Le bonheur sits firmly within the category of Varda’s ‘first fiction films,’ situated between, on the one hand, two inaugural featuresthe radically experimental La Pointe Courte (1955) and the dazzling Cléo de 5 à 7 (Cléo from 5 to 7) (1962)and on the other, what she considers a misunderstood failurethe fractured fairy tale of Les créatures (The Creatures) (1966). As such, we can consider Le bonheur exemplary of her fiction film phase, and the sunflower as symbolic of her desire to reaffirm the representational capacity of cinematic discourse. The film, a well-constructed circular narrative, uses sunflowers to provide the authenticating pastoral background while augmenting the seductive natural beauty of the setting, something that functions as ironic commentary on the idyll. In fact, the exaggerated brilliance of these blooms paradoxically works as both a naturalising feature and a distancing device. It establishes a primary element in Varda’s cinematic language, as she goes on to create multi-layered narratives that engage elements of the objective documentary world in philosophical, metaphoric, aesthetic, and meditative constructs that far exceed the literal representation of stories.

Four decades later, after a rich period of experimentation with different intersections of narrative and documentary, each with a variation on the process of personal intervention, Varda embarked on what she called the ‘third phase’ of her career, as a visual artist and creator of installations. Dominique Bluher, a close friend for decades (she even knits Varda a purple sweater in one episode of Agnès de ci de là Varda [2011]), summarises this ‘Third Life’ in this way: ‘[T]his last creative period, which Varda began at the age of 75 at the Venice Biennale, shows photographs, films, and video formats that Varda combined to create cross-media installations … [demonstrating her] joy of media play and experimentation’ (Bluher 2022). And it is here that Varda re-envisions and realises an often-asserted lifelong dream of articulating documentary and fiction in a single work. Three-dimensional autonomous structures involving video projections, scenic innovations, and new forms of audience invocation allowed for the objective (and material) documentary world to engage with artistic structures. It is also the very radical way in which Varda inserts herself into these constructions, creating a new understanding of the personal and of authorship itself. In over twenty large-scale installations and numerous smaller ones, plus new photographic works and repurposed older ones, Varda energetically expanded the parameters of her artistic vision and redefined artist-spectator relations by creating participatory works in three dimensions. As Kelley Conway notes in her excellent video essay in the Criterion DVD box set, Varda has always loved to interact with her audience, and installations provide ‘a new cultural marketplace,’ the perfect locus of exchange for which the films had laid the groundwork (Conway 2020). Each installation requires an active form of viewing, as the somewhat passive recipient of images in the theatre is transformed into an interactive, questioning, engaged participant. From the papier-mâché potato costume that allowed Varda to mingle with the gallery guests in her first installation, Patatutopia (2003), to the meditation on loss and memory in Les veuves de Noirmoutier (The Widows of Noirmoutier) (2006), to the solemn evocation of the silent heroism of Les Justes au Panthéon (2007), these installations both harken back to the early pioneering force of La Pointe Courte and project into the future with a sense of her ongoing, irrepressible creative energy, her refined sense of social engagement, and her desire to share both of these.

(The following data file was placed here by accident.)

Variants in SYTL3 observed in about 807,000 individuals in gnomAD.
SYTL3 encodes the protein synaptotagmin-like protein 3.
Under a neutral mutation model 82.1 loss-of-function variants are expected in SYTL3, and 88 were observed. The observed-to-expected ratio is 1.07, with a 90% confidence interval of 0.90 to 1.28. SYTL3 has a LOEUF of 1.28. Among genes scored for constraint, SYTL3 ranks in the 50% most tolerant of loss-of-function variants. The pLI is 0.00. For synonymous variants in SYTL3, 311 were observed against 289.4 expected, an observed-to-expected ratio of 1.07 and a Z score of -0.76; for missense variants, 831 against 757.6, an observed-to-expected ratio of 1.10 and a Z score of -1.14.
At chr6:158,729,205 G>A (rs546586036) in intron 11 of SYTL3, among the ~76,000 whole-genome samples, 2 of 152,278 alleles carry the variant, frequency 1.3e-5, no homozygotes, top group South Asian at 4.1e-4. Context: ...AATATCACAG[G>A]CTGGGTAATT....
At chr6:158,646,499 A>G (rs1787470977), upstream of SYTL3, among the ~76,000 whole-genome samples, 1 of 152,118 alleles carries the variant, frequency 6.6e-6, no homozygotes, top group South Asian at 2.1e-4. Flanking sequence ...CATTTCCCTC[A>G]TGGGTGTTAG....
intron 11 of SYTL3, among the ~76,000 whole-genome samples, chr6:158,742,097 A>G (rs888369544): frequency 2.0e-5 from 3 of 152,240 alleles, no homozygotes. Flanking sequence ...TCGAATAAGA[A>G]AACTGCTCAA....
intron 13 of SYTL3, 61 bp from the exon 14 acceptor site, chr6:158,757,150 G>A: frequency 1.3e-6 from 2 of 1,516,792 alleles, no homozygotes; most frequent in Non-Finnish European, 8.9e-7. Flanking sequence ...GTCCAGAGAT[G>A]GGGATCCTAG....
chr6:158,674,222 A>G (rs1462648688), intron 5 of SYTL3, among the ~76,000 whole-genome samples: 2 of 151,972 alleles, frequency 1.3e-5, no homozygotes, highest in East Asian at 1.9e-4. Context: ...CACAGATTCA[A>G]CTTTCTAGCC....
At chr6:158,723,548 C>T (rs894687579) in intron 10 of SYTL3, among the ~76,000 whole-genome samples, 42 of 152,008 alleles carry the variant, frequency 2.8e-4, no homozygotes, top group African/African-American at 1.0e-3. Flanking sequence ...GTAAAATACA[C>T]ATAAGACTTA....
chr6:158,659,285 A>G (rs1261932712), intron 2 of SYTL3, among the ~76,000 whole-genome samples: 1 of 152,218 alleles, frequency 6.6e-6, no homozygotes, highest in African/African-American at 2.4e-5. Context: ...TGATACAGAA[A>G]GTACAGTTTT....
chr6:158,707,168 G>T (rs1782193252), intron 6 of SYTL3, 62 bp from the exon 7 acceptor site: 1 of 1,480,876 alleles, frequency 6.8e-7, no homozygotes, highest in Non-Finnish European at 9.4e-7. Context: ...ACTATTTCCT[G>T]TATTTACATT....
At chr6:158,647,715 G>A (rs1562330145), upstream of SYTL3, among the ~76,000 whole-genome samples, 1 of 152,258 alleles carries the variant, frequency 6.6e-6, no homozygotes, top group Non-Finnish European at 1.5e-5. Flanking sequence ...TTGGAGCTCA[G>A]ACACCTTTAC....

And thus, we return to Le bonheur’s sunflowers, finding their renewed significance in this twenty-first century form. Agnès Varda’s very last installation prioritises sunflowers as they become associated with this third phase and thus with both a reminiscence and a certain kind of culmination of her lifetime of artistic practice. As she describes the cabane/ film hut/ shack [1] constructed of discarded 35mm film of Le bonheur and filled with potted sunflowers she says:

My nostalgia for 35mm cinema films turned into a desire to recycle them… I build huts with abandoned copies of my films… They’ve become huts, favourite houses of an imaginary world… This is the third hut I’ve built. I imagine a specific form for each of my films. Le bonheur was made in 1964 and told the story of a happy family, played by Jean-Claude Drouot, his wife, and children [an aside: real people in a fictive world]. They liked picnics. (Varda 2019).

She continues, ‘I shot the film in Ile-de-France with Impressionist painters in mind. The music was by Mozart. The credits were shot near a field full of sunflowers, flowers redolent of summertime and happiness.’ (Fig. 1)


Fig. 1: Sunflowers and summertime in Le bonheur (1965).